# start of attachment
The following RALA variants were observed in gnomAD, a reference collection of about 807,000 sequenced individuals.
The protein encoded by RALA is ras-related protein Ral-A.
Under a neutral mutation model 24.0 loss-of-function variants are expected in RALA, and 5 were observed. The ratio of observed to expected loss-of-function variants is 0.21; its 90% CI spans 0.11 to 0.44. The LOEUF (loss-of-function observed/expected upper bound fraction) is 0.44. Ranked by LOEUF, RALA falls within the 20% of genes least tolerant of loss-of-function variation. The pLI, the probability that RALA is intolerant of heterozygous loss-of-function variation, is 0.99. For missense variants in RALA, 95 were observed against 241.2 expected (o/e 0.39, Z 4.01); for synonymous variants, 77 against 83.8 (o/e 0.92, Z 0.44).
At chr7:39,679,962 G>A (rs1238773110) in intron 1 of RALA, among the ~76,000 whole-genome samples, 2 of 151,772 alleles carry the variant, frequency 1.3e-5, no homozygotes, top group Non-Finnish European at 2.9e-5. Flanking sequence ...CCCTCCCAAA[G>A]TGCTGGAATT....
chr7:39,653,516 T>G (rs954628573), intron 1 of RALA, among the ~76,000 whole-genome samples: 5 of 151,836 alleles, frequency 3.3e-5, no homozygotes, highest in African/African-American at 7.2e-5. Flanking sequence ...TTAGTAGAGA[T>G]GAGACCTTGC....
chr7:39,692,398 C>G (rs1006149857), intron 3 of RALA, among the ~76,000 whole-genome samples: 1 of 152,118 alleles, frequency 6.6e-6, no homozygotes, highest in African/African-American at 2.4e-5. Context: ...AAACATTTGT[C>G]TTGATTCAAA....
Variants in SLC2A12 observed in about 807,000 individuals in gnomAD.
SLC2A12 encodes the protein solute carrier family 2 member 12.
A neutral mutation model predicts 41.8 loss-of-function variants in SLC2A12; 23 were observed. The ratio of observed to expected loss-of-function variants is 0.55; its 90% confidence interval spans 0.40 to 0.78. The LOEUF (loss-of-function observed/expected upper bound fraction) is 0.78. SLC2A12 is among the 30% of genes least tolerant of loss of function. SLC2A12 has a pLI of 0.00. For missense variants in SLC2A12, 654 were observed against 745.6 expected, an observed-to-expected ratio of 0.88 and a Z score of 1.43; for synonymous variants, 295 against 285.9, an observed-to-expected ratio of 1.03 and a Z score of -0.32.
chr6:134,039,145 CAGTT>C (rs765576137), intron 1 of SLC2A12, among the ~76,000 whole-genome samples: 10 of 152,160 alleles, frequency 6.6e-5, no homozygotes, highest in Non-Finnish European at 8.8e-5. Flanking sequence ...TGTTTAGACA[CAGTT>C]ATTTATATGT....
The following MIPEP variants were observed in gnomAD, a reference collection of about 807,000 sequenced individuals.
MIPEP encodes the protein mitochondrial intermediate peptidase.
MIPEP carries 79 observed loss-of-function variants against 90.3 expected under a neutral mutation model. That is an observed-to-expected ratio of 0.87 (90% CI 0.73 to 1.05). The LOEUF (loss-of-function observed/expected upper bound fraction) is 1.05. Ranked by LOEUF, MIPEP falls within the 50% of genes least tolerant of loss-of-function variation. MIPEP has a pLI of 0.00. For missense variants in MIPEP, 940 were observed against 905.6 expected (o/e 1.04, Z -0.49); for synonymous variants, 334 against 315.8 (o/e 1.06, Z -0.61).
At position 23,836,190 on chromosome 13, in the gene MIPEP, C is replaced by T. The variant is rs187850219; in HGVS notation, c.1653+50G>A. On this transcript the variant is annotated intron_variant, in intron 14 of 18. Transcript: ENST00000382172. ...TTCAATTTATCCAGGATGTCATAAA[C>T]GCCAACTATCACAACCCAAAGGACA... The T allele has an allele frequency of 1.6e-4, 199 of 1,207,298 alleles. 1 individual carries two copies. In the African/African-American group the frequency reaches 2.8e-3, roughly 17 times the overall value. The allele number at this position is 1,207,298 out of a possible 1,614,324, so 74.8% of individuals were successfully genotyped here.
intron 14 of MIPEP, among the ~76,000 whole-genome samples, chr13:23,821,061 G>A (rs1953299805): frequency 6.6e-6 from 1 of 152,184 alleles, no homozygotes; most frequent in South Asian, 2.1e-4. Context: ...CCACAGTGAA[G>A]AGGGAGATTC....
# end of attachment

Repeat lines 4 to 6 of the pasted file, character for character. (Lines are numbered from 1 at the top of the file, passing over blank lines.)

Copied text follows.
At chr7:39,679,962 G>A (rs1238773110) in intron 1 of RALA, among the ~76,000 whole-genome samples, 2 of 151,772 alleles carry the variant, frequency 1.3e-5, no homozygotes, top group Non-Finnish European at 2.9e-5. Flanking sequence ...CCCTCCCAAA[G>A]TGCTGGAATT....
chr7:39,653,516 T>G (rs954628573), intron 1 of RALA, among the ~76,000 whole-genome samples: 5 of 151,836 alleles, frequency 3.3e-5, no homozygotes, highest in African/African-American at 7.2e-5. Flanking sequence ...TTAGTAGAGA[T>G]GAGACCTTGC....
chr7:39,692,398 C>G (rs1006149857), intron 3 of RALA, among the ~76,000 whole-genome samples: 1 of 152,118 alleles, frequency 6.6e-6, no homozygotes, highest in African/African-American at 2.4e-5. Context: ...AAACATTTGT[C>G]TTGATTCAAA....